PHILADELPHIA -- The U.S. Environmental Protection Agency has awarded two prestigious awards to the Augusta County Service Authority, in Augusta County, Va.; the Source Water Protection Award for protecting existing and potential drinking water sources and the PISCES award recognizing leadership and innovation in utilizing clean water infrastructure funds.
“Drinking water is a finite and precious resource, and we commend Augusta County’s leadership in protecting it,” said EPA Regional Administrator Shawn M. Garvin. “Other municipalities would be well-served to follow their example in adopting source water protection ordinances.”
The Augusta County Service Authority coordinated the development of one of the strongest source water protection zoning ordinances in the Commonwealth of Virginia. The ordinance, passed in February 2011, helps to protect ground water sources of drinking water from adverse impacts such as contamination from hazardous materials or petroleum products, or loss of water in underground aquifers which supply drinking water in the County.
“We’ve invested a lot of resources in establishing our drinking water supply,” said Augusta County Service Authority Executive Director Ken Fanfoni. “The ordinance will help to prevent it being jeopardized by careless actions or unforeseen events.”
The Source Water Protection Award recognizes organizations and communities that take steps to protect drinking water sources in EPA’s mid-Atlantic region. For more information on source water protection, visit: http://www.epa.gov/reg3wapd/drinkingwater/swp/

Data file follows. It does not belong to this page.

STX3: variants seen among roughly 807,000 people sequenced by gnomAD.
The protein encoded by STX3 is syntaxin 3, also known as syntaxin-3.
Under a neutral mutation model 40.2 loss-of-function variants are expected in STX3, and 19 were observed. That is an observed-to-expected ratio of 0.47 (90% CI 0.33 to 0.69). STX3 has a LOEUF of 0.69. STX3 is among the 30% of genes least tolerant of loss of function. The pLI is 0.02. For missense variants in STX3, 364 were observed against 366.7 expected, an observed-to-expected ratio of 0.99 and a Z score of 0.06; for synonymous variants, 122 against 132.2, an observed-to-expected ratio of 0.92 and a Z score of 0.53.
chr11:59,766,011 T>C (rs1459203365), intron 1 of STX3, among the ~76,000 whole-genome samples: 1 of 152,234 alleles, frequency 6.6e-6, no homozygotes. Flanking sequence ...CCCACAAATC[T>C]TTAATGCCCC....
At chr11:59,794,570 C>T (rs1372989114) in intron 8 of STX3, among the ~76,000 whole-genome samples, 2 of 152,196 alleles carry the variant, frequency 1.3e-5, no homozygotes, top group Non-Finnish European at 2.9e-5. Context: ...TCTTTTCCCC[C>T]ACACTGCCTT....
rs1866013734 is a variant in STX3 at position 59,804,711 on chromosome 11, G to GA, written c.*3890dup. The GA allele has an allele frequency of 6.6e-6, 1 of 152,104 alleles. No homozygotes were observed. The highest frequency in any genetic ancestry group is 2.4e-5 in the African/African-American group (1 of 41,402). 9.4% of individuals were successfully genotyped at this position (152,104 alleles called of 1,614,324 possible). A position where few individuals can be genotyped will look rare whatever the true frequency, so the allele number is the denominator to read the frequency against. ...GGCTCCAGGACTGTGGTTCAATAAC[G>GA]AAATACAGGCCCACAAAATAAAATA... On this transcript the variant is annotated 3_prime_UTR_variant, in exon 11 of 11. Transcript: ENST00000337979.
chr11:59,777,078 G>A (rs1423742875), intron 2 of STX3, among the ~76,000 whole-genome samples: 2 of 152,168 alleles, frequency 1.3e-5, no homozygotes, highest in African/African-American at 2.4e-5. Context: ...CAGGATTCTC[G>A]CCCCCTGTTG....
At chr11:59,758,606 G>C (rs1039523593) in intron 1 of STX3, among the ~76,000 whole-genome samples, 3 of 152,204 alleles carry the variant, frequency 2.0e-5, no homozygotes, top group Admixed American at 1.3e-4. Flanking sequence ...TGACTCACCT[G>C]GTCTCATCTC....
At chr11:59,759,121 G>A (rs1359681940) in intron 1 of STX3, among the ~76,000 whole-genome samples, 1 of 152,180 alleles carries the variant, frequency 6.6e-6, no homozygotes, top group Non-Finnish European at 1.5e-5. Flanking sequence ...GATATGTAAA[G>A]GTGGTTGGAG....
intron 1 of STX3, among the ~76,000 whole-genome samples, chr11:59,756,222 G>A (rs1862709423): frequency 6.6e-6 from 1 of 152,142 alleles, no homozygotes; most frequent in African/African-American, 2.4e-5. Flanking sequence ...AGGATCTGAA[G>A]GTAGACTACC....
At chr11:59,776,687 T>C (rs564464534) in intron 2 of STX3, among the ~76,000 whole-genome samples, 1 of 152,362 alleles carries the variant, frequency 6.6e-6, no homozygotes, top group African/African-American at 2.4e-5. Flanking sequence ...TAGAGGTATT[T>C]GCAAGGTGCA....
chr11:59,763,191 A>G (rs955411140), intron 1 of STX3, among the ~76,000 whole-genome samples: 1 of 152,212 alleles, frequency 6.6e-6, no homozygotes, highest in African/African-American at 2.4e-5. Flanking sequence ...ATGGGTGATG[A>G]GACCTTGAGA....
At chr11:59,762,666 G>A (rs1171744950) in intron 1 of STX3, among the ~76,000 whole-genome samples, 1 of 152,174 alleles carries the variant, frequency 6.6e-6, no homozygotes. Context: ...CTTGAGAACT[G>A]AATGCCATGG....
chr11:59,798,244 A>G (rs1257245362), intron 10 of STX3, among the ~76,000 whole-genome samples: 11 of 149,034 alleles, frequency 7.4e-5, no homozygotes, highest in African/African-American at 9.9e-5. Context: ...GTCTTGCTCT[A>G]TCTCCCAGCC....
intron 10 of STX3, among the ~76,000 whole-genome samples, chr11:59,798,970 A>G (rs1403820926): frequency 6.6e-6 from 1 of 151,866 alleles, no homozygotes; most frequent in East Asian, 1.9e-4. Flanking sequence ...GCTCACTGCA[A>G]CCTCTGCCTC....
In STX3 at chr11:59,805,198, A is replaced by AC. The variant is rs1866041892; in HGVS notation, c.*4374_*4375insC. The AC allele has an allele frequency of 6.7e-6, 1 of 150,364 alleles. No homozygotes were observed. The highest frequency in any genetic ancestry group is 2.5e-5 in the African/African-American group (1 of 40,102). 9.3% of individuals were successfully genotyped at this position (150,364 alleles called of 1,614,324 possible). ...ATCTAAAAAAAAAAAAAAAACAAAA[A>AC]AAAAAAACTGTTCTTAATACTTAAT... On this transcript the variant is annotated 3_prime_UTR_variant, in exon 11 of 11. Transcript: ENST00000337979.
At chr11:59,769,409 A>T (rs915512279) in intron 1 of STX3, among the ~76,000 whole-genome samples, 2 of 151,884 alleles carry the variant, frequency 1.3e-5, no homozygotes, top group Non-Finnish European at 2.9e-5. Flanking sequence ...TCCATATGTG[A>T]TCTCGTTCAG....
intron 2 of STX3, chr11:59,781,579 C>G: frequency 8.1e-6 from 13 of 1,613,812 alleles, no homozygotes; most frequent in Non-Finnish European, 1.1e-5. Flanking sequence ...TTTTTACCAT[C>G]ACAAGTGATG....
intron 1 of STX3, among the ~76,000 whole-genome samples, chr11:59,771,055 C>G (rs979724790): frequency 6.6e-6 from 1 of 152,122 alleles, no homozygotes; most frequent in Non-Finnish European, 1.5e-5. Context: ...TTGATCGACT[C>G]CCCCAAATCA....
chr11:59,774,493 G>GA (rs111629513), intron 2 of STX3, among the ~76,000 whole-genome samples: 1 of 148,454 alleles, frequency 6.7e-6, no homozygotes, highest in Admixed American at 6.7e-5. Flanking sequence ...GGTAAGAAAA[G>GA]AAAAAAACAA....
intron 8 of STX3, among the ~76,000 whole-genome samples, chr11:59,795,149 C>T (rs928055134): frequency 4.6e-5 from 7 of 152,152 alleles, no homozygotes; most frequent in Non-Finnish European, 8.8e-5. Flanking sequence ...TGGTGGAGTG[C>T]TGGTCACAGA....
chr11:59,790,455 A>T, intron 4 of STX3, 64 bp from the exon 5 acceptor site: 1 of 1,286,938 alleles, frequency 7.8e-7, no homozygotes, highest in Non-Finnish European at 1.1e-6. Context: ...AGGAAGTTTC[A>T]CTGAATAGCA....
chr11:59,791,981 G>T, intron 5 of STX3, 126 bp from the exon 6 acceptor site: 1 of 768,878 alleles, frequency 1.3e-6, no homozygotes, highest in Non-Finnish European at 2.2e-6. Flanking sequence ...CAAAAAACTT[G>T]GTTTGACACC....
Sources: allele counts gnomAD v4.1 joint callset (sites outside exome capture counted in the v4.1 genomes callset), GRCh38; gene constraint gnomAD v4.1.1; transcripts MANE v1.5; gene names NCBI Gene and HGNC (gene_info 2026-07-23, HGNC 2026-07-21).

EPA also presented the 2010 PISCES Award to the Authority. The PISCES award stands for
P erformance and Innovation in the State Revolving Fund Creating Environmental Success.
The Augusta County Service Authority is recognized for performance and innovation in utilizing Clean Water infrastructure funds. The PISCES award highlights projects that successfully further the goal of clean and safe water with exceptional planning, management, and financing.
The Augusta County Service Authority is making use of Clean Water State Revolving Fund Loans to fund projects that reduce the amount of nitrogen and phosphorus discharged to tributaries of the Potomac, Shenandoah and Chesapeake Bay watersheds. Projects were initiated at several wastewater treatment plants to enhance nutrient removal and increase energy efficiency. These projects will increase the sustainability and effectiveness of the wastewater treatment process protecting local waterways and the Chesapeake Bay.